After the slick is spread under power, and you stop and start drifting, the drift direction may be slightly different than from the starting point. Don’t worry, as long as the slick is continuous the sharks will find you, even if the slick has a dog leg in it.  By jump starting the slick you can avoid being stuck in a small area with a short slick on a calm day.  

 

Sharkers are divided on whether to move to another location if you don’t get results within a few hours. I am in the group that says "Don’t give up the slick." Stay there.   I was really put to the test one  day when I was first mating.  A new captain, totally inexperienced in shark fishing was taking the charter out since the regular captain was unable to go that day.  I wanted to fish about 10 miles north of the area that we had been so successful in fishing prior to that trip. I changed the destination accordingly, since the new Captain  had no idea where we should be sharkfishing. Three hours of waiting in the slick produced no sharks. The captain wanted to move. I suggested we hang in there. Within minutes of that conversation, the first of over a dozen of the biggest blue sharks I've seen showed up. The charter was thrilled with the size of the fish, and the quantity.

 

Earlier this month (Sept. 2002) I went into mid afternoon  without a shark to the boat .  A friend was sharking about 3 miles west of me and had taken a couple of sharks. He was ready to leave and asked me if I wanted to come over and pick up the slick. I declined, and ten minutes later we were into some big blue sharks and had a happy ending to the trip.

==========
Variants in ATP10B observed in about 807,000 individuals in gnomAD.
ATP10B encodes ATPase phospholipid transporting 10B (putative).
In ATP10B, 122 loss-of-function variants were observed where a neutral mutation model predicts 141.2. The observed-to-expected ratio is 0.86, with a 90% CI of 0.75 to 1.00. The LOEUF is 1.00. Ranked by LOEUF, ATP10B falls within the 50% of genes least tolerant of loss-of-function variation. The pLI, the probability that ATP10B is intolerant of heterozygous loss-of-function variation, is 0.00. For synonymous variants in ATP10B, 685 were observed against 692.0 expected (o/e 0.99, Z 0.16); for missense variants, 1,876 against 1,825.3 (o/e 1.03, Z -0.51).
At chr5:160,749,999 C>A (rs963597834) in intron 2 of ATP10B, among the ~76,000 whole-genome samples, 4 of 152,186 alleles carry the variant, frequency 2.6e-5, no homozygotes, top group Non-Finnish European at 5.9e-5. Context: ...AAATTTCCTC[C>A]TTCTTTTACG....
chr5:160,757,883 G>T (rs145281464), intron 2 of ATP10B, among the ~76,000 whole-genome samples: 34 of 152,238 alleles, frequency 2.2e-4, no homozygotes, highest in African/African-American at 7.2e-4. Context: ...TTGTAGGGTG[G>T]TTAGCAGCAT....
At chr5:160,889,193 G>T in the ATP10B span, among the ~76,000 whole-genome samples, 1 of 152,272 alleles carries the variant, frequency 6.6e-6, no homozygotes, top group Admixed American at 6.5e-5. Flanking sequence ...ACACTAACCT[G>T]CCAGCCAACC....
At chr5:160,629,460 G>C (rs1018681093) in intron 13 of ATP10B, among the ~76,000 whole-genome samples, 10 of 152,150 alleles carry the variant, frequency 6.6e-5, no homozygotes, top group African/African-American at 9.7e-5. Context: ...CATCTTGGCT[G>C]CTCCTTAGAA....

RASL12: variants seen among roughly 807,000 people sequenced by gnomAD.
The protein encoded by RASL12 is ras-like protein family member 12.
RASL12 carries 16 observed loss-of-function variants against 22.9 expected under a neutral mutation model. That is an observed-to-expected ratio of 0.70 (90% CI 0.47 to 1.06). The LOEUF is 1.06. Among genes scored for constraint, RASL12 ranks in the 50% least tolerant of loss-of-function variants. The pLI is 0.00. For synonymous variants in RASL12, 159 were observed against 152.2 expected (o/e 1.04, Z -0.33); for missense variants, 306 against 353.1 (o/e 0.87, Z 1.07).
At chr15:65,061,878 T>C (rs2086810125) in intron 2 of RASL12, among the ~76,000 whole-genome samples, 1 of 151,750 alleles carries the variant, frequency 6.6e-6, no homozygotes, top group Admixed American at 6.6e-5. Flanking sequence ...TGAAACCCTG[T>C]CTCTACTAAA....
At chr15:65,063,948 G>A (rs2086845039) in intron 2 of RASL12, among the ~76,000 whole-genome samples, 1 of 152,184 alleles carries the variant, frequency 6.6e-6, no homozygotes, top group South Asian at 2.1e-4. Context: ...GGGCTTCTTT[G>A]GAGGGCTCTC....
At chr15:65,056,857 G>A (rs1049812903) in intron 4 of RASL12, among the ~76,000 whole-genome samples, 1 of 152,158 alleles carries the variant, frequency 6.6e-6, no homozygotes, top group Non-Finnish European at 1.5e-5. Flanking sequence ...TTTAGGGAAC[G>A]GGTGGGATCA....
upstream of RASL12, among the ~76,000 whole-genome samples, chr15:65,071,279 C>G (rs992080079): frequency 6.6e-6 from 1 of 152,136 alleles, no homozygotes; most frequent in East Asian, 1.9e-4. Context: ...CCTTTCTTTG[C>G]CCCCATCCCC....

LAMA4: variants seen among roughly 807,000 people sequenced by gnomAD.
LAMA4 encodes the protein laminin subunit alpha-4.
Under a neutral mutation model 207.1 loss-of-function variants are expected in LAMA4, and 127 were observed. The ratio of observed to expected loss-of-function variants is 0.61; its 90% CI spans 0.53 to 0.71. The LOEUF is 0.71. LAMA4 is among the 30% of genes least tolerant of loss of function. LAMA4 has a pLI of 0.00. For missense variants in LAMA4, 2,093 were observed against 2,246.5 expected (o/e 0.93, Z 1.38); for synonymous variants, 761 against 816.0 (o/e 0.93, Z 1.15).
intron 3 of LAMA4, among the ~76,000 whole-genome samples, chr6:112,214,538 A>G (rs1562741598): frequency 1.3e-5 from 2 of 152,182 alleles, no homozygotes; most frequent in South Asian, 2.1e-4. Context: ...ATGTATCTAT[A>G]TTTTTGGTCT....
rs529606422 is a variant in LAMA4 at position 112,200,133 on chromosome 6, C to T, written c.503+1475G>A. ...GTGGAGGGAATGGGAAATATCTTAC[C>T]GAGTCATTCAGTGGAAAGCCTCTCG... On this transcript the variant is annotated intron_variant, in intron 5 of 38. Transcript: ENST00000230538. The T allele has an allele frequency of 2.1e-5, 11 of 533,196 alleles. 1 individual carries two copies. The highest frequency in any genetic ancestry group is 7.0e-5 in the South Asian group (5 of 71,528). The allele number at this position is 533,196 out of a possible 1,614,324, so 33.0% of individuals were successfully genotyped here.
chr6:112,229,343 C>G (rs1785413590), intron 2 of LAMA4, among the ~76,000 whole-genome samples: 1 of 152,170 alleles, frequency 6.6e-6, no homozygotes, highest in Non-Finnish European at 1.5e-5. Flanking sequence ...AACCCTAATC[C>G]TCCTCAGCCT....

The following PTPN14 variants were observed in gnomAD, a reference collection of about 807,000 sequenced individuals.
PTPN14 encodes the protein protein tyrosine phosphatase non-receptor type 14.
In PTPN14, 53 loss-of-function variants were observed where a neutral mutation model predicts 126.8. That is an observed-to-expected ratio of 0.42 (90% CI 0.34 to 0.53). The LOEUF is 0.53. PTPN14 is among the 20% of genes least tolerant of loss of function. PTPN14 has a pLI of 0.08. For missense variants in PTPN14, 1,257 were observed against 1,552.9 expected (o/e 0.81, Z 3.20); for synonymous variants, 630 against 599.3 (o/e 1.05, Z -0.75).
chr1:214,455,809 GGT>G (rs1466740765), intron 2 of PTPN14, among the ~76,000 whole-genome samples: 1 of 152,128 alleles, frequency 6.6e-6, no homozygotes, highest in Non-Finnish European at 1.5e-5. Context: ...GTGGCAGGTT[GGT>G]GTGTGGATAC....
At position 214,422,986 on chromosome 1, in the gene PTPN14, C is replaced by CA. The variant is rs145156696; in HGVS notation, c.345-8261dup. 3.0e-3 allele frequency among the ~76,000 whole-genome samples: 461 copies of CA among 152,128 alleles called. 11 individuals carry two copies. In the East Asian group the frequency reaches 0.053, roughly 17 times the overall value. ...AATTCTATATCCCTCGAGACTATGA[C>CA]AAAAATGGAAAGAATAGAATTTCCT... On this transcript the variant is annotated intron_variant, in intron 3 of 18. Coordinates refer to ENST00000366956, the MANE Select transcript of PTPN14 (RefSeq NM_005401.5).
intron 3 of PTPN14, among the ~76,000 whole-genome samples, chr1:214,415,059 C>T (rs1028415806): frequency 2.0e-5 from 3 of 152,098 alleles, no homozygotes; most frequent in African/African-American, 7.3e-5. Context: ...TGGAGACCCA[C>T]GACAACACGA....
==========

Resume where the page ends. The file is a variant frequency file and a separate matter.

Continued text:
Getting the slick over a specific spot.

 

Lets look now at a more difficult chumming situation, where you have sharks in a concentrated area. If the slick must pass over a definite set of GPS or loran numbers, such as an underwater peak, a wreck, or a known shark hangout; here’s a basic procedure. There are factors like depth and current which are beyond my knowledge of the area you will be fishing. This is not a cure all method but will help you get a slick over a specific spot.

 

Go directly to the spot. Stop the boat, and let the boat drift away without chum in the water. Note the direction you are drifting from the spot.. Go back in the opposite direction through the spot and continue at least a half mile before stopping. If you drifted off the spot in a northerly direction go back through the spot and head south. Stop the boat , put the chum dispenser in the water and slowly tow it back northerly until you reach the selected target area. When you arrive; stop the boat over the spot and start drifting.

 

I have mentioned only two basic methods of chumming: neither requires you to anchor.